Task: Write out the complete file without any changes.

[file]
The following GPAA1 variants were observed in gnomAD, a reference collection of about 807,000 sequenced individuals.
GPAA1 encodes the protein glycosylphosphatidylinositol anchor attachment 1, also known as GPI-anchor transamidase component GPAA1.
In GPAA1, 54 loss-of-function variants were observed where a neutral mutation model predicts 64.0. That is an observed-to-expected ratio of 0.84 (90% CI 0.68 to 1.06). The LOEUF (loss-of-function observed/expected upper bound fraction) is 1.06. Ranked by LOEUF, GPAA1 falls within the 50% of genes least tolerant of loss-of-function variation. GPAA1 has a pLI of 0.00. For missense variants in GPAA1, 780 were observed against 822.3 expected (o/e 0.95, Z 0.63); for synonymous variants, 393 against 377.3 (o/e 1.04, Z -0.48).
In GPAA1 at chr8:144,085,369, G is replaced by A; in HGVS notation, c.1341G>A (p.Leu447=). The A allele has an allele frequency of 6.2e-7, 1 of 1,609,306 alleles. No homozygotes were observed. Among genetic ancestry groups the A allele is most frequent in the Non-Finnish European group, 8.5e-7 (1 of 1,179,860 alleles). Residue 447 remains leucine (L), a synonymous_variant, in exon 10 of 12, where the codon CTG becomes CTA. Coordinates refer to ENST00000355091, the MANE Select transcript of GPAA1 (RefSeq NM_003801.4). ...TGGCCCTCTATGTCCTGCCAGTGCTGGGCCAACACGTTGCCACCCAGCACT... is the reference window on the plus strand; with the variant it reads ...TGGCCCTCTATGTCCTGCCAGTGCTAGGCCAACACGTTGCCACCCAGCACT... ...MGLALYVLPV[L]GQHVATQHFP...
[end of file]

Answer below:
The following GPAA1 variants were observed in gnomAD, a reference collection of about 807,000 sequenced individuals.
GPAA1 encodes the protein glycosylphosphatidylinositol anchor attachment 1, also known as GPI-anchor transamidase component GPAA1.
In GPAA1, 54 loss-of-function variants were observed where a neutral mutation model predicts 64.0. That is an observed-to-expected ratio of 0.84 (90% CI 0.68 to 1.06). The LOEUF (loss-of-function observed/expected upper bound fraction) is 1.06. Ranked by LOEUF, GPAA1 falls within the 50% of genes least tolerant of loss-of-function variation. GPAA1 has a pLI of 0.00. For missense variants in GPAA1, 780 were observed against 822.3 expected (o/e 0.95, Z 0.63); for synonymous variants, 393 against 377.3 (o/e 1.04, Z -0.48).
In GPAA1 at chr8:144,085,369, G is replaced by A; in HGVS notation, c.1341G>A (p.Leu447=). The A allele has an allele frequency of 6.2e-7, 1 of 1,609,306 alleles. No homozygotes were observed. Among genetic ancestry groups the A allele is most frequent in the Non-Finnish European group, 8.5e-7 (1 of 1,179,860 alleles). Residue 447 remains leucine (L), a synonymous_variant, in exon 10 of 12, where the codon CTG becomes CTA. Coordinates refer to ENST00000355091, the MANE Select transcript of GPAA1 (RefSeq NM_003801.4). ...TGGCCCTCTATGTCCTGCCAGTGCTGGGCCAACACGTTGCCACCCAGCACT... is the reference window on the plus strand; with the variant it reads ...TGGCCCTCTATGTCCTGCCAGTGCTAGGCCAACACGTTGCCACCCAGCACT... ...MGLALYVLPV[L]GQHVATQHFP...